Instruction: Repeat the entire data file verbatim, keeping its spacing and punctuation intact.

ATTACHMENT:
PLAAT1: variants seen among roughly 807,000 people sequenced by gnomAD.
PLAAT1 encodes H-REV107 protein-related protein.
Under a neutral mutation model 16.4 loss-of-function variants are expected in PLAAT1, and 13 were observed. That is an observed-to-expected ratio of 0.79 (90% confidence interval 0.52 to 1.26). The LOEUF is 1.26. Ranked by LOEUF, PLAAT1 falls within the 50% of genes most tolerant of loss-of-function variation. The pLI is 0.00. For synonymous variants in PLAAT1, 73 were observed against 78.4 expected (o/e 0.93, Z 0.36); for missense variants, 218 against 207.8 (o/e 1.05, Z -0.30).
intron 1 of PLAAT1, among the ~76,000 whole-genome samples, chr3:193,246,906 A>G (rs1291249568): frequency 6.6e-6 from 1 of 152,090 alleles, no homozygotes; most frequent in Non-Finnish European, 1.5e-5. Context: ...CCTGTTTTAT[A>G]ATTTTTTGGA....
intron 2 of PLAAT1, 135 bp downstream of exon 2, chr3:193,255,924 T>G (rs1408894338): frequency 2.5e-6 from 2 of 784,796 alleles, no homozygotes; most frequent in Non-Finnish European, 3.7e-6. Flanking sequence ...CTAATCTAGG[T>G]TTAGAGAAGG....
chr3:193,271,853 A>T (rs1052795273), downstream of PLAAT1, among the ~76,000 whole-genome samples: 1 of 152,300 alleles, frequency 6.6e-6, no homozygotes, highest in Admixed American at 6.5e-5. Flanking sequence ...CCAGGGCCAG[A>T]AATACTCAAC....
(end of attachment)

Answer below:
PLAAT1: variants seen among roughly 807,000 people sequenced by gnomAD.
PLAAT1 encodes H-REV107 protein-related protein.
Under a neutral mutation model 16.4 loss-of-function variants are expected in PLAAT1, and 13 were observed. That is an observed-to-expected ratio of 0.79 (90% confidence interval 0.52 to 1.26). The LOEUF is 1.26. Ranked by LOEUF, PLAAT1 falls within the 50% of genes most tolerant of loss-of-function variation. The pLI is 0.00. For synonymous variants in PLAAT1, 73 were observed against 78.4 expected (o/e 0.93, Z 0.36); for missense variants, 218 against 207.8 (o/e 1.05, Z -0.30).
intron 1 of PLAAT1, among the ~76,000 whole-genome samples, chr3:193,246,906 A>G (rs1291249568): frequency 6.6e-6 from 1 of 152,090 alleles, no homozygotes; most frequent in Non-Finnish European, 1.5e-5. Context: ...CCTGTTTTAT[A>G]ATTTTTTGGA....
intron 2 of PLAAT1, 135 bp downstream of exon 2, chr3:193,255,924 T>G (rs1408894338): frequency 2.5e-6 from 2 of 784,796 alleles, no homozygotes; most frequent in Non-Finnish European, 3.7e-6. Flanking sequence ...CTAATCTAGG[T>G]TTAGAGAAGG....
chr3:193,271,853 A>T (rs1052795273), downstream of PLAAT1, among the ~76,000 whole-genome samples: 1 of 152,300 alleles, frequency 6.6e-6, no homozygotes, highest in Admixed American at 6.5e-5. Flanking sequence ...CCAGGGCCAG[A>T]AATACTCAAC....